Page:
Homeless Veterans appeal: ‘If you’re hard on the world you are hard on yourself’

Maverick artist Grayson Perry backs our campaign
Assisted Dying Bill: I want to be able to decide about my own death - I want to have control of my life

Assisted Dying Bill: 'I want control of my life'

This week the Assisted Dying Bill is debated in the Lords. Virginia Ironside, who has already made plans for her own self-deliverance, argues that it's time we allowed people a humane, compassionate death
Move over, kale - cabbage is the new rising star

Cabbage is king again

Sophie Morris banishes thoughts of soggy school dinners and turns over a new leaf
11 best winter skin treats

Give your moisturiser a helping hand: 11 best winter skin treats

Get an extra boost of nourishment from one of these hard-working products
Paul Scholes column: The more Jose Mourinho attempts to influence match officials, the more they are likely to ignore him

Paul Scholes column

The more Jose Mourinho attempts to influence match officials, the more they are likely to ignore him
Frank Warren column: No cigar, but pots of money: here come the Cubans

Frank Warren's Ringside

No cigar, but pots of money: here come the Cubans
Isis hostage crisis: Militant group stands strong as its numerous enemies fail to find a common plan to defeat it

Isis stands strong as its numerous enemies fail to find a common plan to defeat it

The jihadis are being squeezed militarily and economically, but there is no sign of an implosion, says Patrick Cockburn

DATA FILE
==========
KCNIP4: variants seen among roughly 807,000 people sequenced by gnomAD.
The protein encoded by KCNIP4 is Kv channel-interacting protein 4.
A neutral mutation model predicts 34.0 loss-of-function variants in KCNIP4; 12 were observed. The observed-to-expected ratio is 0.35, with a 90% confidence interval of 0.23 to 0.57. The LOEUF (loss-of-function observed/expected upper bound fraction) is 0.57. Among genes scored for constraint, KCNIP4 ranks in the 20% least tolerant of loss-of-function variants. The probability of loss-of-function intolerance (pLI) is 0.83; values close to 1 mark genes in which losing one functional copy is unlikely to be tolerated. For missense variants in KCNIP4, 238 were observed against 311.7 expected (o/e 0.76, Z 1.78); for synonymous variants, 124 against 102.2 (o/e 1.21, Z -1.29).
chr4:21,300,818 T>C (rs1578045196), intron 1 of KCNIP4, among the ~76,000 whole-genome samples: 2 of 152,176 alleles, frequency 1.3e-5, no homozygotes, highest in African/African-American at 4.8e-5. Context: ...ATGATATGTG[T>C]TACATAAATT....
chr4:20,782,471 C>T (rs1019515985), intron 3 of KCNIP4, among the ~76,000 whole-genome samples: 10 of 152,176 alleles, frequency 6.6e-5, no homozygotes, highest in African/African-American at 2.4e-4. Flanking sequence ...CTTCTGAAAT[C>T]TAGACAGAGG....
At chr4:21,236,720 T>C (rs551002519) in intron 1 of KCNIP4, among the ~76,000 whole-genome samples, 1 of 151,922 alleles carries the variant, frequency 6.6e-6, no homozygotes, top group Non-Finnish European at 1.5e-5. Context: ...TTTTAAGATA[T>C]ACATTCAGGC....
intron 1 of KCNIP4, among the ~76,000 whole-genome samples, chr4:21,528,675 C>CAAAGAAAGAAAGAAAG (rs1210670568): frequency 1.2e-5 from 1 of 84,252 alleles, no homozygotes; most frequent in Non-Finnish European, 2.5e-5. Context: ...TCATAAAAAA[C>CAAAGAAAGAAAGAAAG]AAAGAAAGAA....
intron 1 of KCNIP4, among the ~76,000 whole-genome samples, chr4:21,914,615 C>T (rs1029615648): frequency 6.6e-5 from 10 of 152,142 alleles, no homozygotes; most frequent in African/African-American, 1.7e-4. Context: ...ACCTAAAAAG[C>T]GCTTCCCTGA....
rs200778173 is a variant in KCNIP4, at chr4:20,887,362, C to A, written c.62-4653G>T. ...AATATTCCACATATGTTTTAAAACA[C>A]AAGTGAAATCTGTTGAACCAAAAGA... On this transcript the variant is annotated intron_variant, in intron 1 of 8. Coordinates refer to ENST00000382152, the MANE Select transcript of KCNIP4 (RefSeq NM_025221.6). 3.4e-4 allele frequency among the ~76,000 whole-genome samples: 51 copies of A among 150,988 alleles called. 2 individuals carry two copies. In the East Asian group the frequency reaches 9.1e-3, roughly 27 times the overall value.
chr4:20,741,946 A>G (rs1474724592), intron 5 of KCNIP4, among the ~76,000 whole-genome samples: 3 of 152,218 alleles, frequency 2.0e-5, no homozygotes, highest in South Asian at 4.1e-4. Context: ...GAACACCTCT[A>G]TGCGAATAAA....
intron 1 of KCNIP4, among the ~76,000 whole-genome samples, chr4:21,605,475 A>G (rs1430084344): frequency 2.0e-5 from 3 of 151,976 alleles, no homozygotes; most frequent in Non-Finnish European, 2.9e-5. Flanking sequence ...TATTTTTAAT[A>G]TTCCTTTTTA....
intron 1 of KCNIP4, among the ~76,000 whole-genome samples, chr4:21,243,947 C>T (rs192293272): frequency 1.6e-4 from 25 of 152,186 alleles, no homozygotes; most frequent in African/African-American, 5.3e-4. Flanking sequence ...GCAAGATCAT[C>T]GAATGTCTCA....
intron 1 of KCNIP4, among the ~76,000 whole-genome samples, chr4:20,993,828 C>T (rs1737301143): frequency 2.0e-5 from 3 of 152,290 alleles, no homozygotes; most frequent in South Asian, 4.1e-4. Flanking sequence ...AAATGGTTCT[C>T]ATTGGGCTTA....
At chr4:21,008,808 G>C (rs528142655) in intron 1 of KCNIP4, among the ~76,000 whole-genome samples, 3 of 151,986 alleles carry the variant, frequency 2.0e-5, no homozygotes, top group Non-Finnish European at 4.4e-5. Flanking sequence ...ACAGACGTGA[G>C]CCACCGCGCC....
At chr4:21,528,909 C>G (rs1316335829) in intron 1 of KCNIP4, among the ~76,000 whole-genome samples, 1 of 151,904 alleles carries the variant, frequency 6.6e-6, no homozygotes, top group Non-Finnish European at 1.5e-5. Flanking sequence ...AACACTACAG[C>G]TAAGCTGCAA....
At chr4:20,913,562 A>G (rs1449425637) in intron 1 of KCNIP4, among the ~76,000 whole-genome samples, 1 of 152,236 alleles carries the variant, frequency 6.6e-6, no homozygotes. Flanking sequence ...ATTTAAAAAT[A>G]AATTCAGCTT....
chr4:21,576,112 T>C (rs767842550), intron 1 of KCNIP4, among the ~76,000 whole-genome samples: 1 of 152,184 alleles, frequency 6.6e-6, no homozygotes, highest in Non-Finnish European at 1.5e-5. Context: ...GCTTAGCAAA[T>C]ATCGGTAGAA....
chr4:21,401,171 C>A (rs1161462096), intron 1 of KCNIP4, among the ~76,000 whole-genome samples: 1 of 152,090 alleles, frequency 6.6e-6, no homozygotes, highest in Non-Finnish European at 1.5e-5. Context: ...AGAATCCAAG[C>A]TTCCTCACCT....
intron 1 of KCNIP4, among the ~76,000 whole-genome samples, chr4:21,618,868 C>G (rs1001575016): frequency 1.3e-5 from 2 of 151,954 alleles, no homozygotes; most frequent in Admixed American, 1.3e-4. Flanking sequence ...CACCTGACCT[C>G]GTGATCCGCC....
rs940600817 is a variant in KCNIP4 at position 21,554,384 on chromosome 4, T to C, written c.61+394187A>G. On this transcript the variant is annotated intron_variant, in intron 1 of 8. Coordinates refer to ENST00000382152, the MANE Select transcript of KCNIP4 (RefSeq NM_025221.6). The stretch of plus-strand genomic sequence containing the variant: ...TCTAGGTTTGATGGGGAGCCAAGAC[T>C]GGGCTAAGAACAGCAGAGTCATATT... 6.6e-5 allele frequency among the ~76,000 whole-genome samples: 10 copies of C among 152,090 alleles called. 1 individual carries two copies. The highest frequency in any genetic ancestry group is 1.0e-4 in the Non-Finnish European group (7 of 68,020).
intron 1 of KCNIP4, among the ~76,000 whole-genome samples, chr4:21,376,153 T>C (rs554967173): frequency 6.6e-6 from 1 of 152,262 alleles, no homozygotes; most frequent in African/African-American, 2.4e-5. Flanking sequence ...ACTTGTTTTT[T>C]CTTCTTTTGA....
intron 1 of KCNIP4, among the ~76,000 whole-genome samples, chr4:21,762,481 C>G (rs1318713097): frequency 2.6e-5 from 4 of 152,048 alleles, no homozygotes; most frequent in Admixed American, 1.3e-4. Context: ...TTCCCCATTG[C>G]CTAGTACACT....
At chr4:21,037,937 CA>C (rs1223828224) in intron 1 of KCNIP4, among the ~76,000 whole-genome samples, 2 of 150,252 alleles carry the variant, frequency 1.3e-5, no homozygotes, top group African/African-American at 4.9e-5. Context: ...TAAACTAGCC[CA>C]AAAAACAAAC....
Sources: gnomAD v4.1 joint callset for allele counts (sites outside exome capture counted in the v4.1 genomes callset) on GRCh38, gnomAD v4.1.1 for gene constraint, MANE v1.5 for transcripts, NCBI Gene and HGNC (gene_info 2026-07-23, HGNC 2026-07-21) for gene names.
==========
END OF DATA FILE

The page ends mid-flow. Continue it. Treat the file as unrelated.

Virtual reality thrusts viewers into the frontline of global events - and puts film-goers at the heart of the action

Virtual reality: Seeing is believing

Virtual reality thrusts viewers into the frontline of global events - and puts film-goers at the heart of the action
Homeless Veterans appeal: MP says Coalition ‘not doing enough’

Homeless Veterans appeal

MP says Coalition ‘not doing enough’ to help
Larry David, Steve Coogan and other comedians share stories of depression in new documentary

Comedians share stories of depression

The director of the new documentary, Kevin Pollak, tells Jessica Barrett how he got them to talk
Has The Archers lost the plot with it's spicy storylines?

Has The Archers lost the plot?

A growing number of listeners are voicing their discontent over the rural soap's spicy storylines; so loudly that even the BBC's director-general seems worried, says Simon Kelner
English Heritage adds 14 post-war office buildings to its protected lists

14 office buildings added to protected lists

Christopher Beanland explores the underrated appeal of these palaces of pen-pushing
Human skull discovery in Israel proves humans lived side-by-side with Neanderthals

Human skull discovery in Israel proves humans lived side-by-side with Neanderthals

Scientists unearthed the cranial fragments from Manot Cave in West Galilee